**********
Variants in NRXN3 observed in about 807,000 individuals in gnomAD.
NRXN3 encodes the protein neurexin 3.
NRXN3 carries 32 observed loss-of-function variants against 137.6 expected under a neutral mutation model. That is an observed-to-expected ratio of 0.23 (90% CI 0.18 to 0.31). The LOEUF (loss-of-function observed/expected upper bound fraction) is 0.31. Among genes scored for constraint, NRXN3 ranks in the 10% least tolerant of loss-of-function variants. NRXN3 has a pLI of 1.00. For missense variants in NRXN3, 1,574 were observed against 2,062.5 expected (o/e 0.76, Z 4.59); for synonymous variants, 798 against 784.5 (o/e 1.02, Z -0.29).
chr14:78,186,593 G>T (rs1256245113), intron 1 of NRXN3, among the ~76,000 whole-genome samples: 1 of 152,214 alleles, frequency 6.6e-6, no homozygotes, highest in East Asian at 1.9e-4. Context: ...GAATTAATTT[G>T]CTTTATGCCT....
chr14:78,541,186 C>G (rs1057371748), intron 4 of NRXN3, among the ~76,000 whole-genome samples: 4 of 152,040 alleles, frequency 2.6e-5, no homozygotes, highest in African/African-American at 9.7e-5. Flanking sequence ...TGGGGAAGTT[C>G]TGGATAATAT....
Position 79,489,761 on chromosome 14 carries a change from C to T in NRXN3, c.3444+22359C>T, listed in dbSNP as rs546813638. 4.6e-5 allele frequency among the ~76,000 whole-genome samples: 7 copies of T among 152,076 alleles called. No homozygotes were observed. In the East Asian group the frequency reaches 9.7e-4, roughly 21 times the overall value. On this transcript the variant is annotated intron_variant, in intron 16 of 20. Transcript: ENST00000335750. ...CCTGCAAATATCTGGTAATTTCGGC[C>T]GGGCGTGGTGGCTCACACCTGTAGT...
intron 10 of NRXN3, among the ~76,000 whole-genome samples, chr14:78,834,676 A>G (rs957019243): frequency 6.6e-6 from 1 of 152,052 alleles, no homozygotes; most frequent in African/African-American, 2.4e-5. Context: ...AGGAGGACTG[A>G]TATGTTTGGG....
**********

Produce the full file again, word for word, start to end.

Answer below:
Variants in NRXN3 observed in about 807,000 individuals in gnomAD.
NRXN3 encodes the protein neurexin 3.
NRXN3 carries 32 observed loss-of-function variants against 137.6 expected under a neutral mutation model. That is an observed-to-expected ratio of 0.23 (90% CI 0.18 to 0.31). The LOEUF (loss-of-function observed/expected upper bound fraction) is 0.31. Among genes scored for constraint, NRXN3 ranks in the 10% least tolerant of loss-of-function variants. NRXN3 has a pLI of 1.00. For missense variants in NRXN3, 1,574 were observed against 2,062.5 expected (o/e 0.76, Z 4.59); for synonymous variants, 798 against 784.5 (o/e 1.02, Z -0.29).
chr14:78,186,593 G>T (rs1256245113), intron 1 of NRXN3, among the ~76,000 whole-genome samples: 1 of 152,214 alleles, frequency 6.6e-6, no homozygotes, highest in East Asian at 1.9e-4. Context: ...GAATTAATTT[G>T]CTTTATGCCT....
chr14:78,541,186 C>G (rs1057371748), intron 4 of NRXN3, among the ~76,000 whole-genome samples: 4 of 152,040 alleles, frequency 2.6e-5, no homozygotes, highest in African/African-American at 9.7e-5. Flanking sequence ...TGGGGAAGTT[C>G]TGGATAATAT....
Position 79,489,761 on chromosome 14 carries a change from C to T in NRXN3, c.3444+22359C>T, listed in dbSNP as rs546813638. 4.6e-5 allele frequency among the ~76,000 whole-genome samples: 7 copies of T among 152,076 alleles called. No homozygotes were observed. In the East Asian group the frequency reaches 9.7e-4, roughly 21 times the overall value. On this transcript the variant is annotated intron_variant, in intron 16 of 20. Transcript: ENST00000335750. ...CCTGCAAATATCTGGTAATTTCGGC[C>T]GGGCGTGGTGGCTCACACCTGTAGT...
intron 10 of NRXN3, among the ~76,000 whole-genome samples, chr14:78,834,676 A>G (rs957019243): frequency 6.6e-6 from 1 of 152,052 alleles, no homozygotes; most frequent in African/African-American, 2.4e-5. Context: ...AGGAGGACTG[A>G]TATGTTTGGG....